More Americans applied for unemployment benefits last week. The level was still consistent with steady hiring even if weekly applications increased 10,000 last week to a seasonally adjusted 354,000. The four week average advanced 6,750 to 347,250, which was the third gain in a row. The average dropped to a five year low earlier this month.
South Carolina is the state with the largest increase. The number of applications for unemployment benefits went up 1,263 and was attributed to layoffs in manufacturing sector.
Tennessee unemployment benefit applications increased 1,191. This was due to layoffs in support and administrative services, trade contractors, and restaurants.
California got the most decreases last week. The number of unemployment benefit applications declined 16,334 due to fewer layoffs in the service industry.
Georgia dropped 1,802 unemployment benefit applications. This was attributed to fewer firings in construction, manufacturing, and administrative and support services.
Illinois got a decrease of 1,198. The state didn’t give any reason for the decline.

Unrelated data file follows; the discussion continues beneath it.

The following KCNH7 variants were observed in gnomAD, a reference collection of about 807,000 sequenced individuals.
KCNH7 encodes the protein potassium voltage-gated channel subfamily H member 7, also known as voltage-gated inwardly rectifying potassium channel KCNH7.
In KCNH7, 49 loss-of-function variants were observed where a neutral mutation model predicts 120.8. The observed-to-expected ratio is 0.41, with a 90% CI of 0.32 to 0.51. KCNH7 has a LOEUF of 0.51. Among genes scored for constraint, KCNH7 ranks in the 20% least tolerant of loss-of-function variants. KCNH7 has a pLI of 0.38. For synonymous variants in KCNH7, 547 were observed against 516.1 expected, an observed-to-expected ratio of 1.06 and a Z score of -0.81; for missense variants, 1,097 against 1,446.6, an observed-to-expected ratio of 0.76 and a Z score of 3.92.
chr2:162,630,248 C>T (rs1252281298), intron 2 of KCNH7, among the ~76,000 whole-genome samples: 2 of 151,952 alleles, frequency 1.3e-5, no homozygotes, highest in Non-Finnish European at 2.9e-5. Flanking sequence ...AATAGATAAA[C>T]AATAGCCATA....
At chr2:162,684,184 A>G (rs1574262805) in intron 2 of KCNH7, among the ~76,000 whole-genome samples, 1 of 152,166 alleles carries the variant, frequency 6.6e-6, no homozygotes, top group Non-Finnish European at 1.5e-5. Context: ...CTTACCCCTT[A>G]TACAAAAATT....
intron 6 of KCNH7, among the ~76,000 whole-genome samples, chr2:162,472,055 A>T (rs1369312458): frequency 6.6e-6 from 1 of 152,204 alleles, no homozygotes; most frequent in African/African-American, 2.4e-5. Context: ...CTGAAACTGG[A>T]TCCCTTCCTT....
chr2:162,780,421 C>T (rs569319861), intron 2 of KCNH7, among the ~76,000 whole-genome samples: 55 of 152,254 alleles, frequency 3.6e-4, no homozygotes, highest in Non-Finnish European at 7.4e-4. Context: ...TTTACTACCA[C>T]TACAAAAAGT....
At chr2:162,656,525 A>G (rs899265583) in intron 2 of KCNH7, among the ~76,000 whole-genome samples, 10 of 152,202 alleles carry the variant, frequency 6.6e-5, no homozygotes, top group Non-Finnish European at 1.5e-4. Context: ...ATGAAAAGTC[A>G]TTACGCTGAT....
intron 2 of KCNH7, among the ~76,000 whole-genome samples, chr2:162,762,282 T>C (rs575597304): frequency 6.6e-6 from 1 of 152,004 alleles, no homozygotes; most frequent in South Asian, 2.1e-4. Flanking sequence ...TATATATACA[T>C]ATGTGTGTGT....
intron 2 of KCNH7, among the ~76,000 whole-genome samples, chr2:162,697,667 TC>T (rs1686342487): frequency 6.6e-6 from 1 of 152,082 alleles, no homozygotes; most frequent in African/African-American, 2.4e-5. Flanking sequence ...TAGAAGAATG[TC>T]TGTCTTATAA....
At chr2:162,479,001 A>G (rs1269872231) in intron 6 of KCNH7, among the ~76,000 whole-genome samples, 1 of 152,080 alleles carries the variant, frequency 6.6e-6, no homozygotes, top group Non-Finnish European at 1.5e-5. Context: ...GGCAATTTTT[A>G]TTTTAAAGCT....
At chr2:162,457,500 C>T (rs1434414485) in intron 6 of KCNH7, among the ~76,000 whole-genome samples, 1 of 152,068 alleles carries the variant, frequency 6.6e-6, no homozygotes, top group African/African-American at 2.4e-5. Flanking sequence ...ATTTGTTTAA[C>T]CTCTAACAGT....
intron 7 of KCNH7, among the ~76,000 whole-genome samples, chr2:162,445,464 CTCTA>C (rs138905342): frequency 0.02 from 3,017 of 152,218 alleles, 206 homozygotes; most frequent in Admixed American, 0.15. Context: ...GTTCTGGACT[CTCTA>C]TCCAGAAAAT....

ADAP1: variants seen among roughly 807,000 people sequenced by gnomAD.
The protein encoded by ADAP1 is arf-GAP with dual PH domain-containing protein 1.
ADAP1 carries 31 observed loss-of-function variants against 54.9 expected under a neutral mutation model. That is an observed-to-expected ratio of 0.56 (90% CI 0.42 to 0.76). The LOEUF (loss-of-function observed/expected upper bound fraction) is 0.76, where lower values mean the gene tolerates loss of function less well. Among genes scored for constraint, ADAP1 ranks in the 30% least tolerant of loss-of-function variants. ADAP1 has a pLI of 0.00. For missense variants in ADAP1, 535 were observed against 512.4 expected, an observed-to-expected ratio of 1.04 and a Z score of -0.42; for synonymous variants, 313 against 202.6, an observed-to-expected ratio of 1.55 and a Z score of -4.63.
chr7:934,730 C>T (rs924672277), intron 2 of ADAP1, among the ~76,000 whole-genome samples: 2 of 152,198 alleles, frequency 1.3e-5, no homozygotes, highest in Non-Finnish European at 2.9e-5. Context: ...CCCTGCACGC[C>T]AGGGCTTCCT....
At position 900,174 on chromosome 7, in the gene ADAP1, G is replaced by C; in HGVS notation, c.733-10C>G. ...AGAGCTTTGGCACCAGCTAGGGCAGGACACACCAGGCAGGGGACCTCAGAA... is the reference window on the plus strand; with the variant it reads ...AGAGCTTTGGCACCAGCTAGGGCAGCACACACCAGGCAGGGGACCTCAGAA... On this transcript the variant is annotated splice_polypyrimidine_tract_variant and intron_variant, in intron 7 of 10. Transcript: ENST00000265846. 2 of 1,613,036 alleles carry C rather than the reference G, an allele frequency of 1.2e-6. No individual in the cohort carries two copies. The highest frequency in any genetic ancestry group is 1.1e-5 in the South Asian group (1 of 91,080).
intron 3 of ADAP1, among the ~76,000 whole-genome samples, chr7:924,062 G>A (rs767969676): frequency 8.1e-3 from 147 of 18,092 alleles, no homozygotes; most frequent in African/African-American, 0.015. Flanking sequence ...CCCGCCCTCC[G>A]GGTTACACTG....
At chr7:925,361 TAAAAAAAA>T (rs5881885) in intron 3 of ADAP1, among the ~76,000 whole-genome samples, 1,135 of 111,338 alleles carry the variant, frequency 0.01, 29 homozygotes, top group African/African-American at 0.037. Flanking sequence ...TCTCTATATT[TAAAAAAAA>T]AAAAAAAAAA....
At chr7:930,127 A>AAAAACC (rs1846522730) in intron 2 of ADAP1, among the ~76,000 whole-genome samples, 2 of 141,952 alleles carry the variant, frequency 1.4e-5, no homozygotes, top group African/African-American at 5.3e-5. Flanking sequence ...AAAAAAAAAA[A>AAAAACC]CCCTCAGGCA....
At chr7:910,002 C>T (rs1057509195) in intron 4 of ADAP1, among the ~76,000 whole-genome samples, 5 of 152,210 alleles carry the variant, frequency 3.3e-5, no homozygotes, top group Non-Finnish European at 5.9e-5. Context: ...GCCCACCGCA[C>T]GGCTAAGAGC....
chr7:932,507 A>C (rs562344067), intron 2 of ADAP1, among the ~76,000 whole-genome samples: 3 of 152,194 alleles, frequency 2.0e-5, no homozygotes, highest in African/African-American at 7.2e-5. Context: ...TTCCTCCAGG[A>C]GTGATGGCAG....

Economists are awaiting the release of the May unemployment report. Investors, business leaders and policymakers are looking into the US recovery, which has been modest but continuing. IF a decline is seen in the current 7.5 percent jobless rate, analysts will look into the numbers to find out if the improvement showed more hiring or less labor force participation.
If a gain is seen, there will be a hunt to find out the cause. Some of the reasons include the large cash hoards instead of hiring new workers and the effect of both the sequester and the payroll tax increase.
On Thursday, the business world will focus on the head of the euro zone central bank, Mario Draghi, as he reveals whether the European Central Bank will slash its main lending rate for the second time in two months or keep the rate at 0.5 percent. Most analysts expect it to be the later.